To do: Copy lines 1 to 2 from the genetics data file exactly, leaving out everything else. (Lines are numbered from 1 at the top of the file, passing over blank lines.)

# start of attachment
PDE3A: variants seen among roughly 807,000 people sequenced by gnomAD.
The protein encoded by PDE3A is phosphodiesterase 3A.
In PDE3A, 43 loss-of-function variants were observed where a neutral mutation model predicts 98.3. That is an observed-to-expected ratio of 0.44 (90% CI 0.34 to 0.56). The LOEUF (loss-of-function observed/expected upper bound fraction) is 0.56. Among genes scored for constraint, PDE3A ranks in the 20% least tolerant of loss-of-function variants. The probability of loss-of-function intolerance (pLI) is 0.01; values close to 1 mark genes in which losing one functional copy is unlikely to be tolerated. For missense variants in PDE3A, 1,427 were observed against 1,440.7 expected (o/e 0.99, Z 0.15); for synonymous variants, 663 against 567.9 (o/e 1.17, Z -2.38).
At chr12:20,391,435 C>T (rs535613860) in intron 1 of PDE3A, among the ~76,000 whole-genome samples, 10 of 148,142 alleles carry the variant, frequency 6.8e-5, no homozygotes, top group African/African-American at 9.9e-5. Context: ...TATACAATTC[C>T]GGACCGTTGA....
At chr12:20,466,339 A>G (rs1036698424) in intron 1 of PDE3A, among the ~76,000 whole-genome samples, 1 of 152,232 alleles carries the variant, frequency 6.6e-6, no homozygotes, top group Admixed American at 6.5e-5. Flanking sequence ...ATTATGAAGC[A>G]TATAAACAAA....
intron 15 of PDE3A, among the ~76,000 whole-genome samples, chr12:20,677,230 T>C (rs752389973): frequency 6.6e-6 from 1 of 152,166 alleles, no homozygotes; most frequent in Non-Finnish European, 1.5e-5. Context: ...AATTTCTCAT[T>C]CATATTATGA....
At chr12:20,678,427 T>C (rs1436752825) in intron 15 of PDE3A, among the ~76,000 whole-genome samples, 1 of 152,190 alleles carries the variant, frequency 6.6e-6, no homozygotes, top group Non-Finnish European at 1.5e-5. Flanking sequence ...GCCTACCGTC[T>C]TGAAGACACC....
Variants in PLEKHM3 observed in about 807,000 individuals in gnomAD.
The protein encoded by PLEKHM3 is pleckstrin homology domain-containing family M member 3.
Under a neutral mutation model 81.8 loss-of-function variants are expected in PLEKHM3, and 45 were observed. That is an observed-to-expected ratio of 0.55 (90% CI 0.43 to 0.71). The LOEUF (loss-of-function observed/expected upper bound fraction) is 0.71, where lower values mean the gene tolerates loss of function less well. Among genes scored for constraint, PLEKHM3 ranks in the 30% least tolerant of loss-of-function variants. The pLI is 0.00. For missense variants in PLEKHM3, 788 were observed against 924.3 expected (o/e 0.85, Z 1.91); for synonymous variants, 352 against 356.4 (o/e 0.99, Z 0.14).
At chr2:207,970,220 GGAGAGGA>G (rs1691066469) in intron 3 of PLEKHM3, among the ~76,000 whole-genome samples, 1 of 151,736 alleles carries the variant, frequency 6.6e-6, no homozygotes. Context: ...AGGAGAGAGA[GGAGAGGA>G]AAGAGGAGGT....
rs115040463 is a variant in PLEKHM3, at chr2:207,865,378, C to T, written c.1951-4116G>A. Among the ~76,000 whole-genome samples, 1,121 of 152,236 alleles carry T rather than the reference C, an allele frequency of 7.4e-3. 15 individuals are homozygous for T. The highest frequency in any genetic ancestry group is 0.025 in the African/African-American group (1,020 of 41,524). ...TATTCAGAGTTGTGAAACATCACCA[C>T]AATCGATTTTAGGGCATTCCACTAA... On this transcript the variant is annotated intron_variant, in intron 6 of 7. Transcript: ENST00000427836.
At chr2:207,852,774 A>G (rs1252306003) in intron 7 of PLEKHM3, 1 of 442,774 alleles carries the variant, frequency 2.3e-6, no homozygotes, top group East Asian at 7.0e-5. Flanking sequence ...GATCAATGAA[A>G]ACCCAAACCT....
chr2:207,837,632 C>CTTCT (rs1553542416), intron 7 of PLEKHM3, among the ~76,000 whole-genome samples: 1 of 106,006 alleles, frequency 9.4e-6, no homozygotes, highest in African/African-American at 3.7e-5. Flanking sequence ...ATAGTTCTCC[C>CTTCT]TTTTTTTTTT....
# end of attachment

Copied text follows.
PDE3A: variants seen among roughly 807,000 people sequenced by gnomAD.
The protein encoded by PDE3A is phosphodiesterase 3A.